Pornography is still "a very serious moral problem" that is being ignored during by the U. S. Justice Department and the presidential administration, says the head of a conservative media watchdog.
As the start of this year's White Ribbon Against Pornography (WRAP) Week nears, Robert Peters, president of Morality in the Media, is hoping to draw attention to a looming American problem – pornography – and wants more action taken.
"This is a serious moral problem," Peters said.
According to the American Family Association Journal, every year the porn industry creates 11,000 new movies, compared to the 400 mainstream videos created by Hollywood. Many of those videos are published online for the public to access.
Pat Trueman, an attorney and anti-porn campaigner, noted, "Hardcore porn is now more easily available than ever before. It's not only produced by porn syndicates, but by individuals."
Trueman believes pornography is constantly being ignored. "The problem is that Presidents Bill Clinton and George W. Bush hardly prosecuted obscenity, at least no Internet companies. They just downplayed it," he said.
And the Obama administration is also doing nothing.
Peters noted that the U.S. Justice Department has the legal authority to take on the mass producers creating sexual explicit content through obscenity laws, but it is not taking action.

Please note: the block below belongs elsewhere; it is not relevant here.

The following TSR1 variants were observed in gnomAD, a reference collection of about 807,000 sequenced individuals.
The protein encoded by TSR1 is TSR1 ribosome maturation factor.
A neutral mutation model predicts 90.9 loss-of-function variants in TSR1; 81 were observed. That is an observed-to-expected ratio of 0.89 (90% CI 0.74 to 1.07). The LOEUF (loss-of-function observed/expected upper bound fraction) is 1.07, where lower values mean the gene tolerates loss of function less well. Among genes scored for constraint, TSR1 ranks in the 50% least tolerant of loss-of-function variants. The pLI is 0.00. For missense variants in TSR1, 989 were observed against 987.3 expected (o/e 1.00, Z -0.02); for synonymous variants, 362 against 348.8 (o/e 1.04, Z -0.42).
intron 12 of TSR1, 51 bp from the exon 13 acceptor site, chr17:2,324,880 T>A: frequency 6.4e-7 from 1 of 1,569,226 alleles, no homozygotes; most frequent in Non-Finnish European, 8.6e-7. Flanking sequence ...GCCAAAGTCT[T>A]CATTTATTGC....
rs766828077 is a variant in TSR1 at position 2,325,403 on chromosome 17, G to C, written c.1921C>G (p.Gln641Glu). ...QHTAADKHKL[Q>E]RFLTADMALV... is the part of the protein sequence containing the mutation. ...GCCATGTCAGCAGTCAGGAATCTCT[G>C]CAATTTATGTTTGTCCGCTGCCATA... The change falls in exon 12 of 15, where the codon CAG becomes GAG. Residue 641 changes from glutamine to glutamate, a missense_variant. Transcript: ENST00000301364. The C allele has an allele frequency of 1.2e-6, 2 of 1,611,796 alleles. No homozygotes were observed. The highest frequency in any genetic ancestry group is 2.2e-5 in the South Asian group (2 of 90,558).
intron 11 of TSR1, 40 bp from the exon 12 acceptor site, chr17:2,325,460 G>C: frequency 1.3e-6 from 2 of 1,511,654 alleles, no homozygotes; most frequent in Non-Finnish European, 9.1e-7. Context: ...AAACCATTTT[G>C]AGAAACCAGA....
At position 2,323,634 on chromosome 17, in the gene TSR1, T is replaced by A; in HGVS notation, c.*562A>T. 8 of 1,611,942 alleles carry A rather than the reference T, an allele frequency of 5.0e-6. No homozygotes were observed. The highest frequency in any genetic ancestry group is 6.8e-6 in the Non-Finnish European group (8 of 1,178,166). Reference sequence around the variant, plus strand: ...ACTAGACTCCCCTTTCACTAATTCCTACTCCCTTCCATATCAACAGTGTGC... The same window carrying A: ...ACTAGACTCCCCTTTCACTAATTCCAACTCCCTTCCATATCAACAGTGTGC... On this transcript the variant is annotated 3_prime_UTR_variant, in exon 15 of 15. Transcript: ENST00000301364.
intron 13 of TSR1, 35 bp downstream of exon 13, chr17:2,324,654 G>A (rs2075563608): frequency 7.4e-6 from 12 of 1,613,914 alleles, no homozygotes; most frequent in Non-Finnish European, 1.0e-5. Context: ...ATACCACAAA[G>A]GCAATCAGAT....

"Apart from the Reagan-Bush years, the [presidential] administrations have not taken these issues seriously," said Peters.
Both Peters and Trueman believe that the issue can no longer be ignored. Peters pointed out that the Internet has taken pornography out from behind closed doors and into Americans' living rooms.
"With this internet thing, you can't run from it," said Peters.
Moreover, pornography is getting into the hands of adolescents, both male and female.
"Survey after survey, the evident shows huge numbers of children are accessing pornography," Peters said.
He lamented that even websites that claim to be child protected have free teasers showing hard core content. "You name it, it's free of charge. They say you have to be 18 years old to look at it, but all you have to do is click the button," Peters said.
The impact on adults is also damaging. Trueman highlighted the fact that "pornography is impacting family break-up in high numbers."
"Plus there are many other effects such as an increased sex trafficking," he added.
Families are being encouraged to take a stand against pornography during WRAP Week, which kicks off Sunday.
"Obviously, we are not going to win the war in a week," Peters noted. But, he added, we can get some people's attention.
WRAP Week began in 1987 in Butler, Pa. Norma Norris, a Catholic, launched the campaign to combat mail and video porn. A flier put out by the Morality in Media encourages the public to wear a white ribbon and contact state prosecutors with pornography complaints.